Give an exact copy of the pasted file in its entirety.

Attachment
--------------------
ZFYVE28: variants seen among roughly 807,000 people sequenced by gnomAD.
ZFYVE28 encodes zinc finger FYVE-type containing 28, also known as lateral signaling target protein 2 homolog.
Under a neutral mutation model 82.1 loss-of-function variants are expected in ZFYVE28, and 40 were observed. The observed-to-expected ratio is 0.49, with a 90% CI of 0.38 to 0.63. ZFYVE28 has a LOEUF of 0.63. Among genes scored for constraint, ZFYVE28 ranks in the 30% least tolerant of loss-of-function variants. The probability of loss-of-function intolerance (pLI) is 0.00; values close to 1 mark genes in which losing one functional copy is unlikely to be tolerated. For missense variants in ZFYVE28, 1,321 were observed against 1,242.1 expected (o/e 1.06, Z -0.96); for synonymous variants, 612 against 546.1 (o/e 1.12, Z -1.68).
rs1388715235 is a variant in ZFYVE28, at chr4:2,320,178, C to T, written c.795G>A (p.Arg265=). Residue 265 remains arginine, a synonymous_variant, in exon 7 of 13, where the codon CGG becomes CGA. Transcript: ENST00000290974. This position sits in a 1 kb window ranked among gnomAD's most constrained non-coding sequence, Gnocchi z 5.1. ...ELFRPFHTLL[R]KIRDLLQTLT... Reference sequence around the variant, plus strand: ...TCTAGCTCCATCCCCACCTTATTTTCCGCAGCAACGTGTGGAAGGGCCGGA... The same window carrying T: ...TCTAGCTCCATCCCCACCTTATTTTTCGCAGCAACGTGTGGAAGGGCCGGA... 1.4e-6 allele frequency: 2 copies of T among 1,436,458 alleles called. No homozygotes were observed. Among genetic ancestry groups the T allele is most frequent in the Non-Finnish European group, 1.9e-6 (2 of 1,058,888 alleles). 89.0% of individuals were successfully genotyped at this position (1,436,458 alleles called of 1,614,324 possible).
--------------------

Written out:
ZFYVE28: variants seen among roughly 807,000 people sequenced by gnomAD.
ZFYVE28 encodes zinc finger FYVE-type containing 28, also known as lateral signaling target protein 2 homolog.
Under a neutral mutation model 82.1 loss-of-function variants are expected in ZFYVE28, and 40 were observed. The observed-to-expected ratio is 0.49, with a 90% CI of 0.38 to 0.63. ZFYVE28 has a LOEUF of 0.63. Among genes scored for constraint, ZFYVE28 ranks in the 30% least tolerant of loss-of-function variants. The probability of loss-of-function intolerance (pLI) is 0.00; values close to 1 mark genes in which losing one functional copy is unlikely to be tolerated. For missense variants in ZFYVE28, 1,321 were observed against 1,242.1 expected (o/e 1.06, Z -0.96); for synonymous variants, 612 against 546.1 (o/e 1.12, Z -1.68).
rs1388715235 is a variant in ZFYVE28, at chr4:2,320,178, C to T, written c.795G>A (p.Arg265=). Residue 265 remains arginine, a synonymous_variant, in exon 7 of 13, where the codon CGG becomes CGA. Transcript: ENST00000290974. This position sits in a 1 kb window ranked among gnomAD's most constrained non-coding sequence, Gnocchi z 5.1. ...ELFRPFHTLL[R]KIRDLLQTLT... Reference sequence around the variant, plus strand: ...TCTAGCTCCATCCCCACCTTATTTTCCGCAGCAACGTGTGGAAGGGCCGGA... The same window carrying T: ...TCTAGCTCCATCCCCACCTTATTTTTCGCAGCAACGTGTGGAAGGGCCGGA... 1.4e-6 allele frequency: 2 copies of T among 1,436,458 alleles called. No homozygotes were observed. Among genetic ancestry groups the T allele is most frequent in the Non-Finnish European group, 1.9e-6 (2 of 1,058,888 alleles). 89.0% of individuals were successfully genotyped at this position (1,436,458 alleles called of 1,614,324 possible).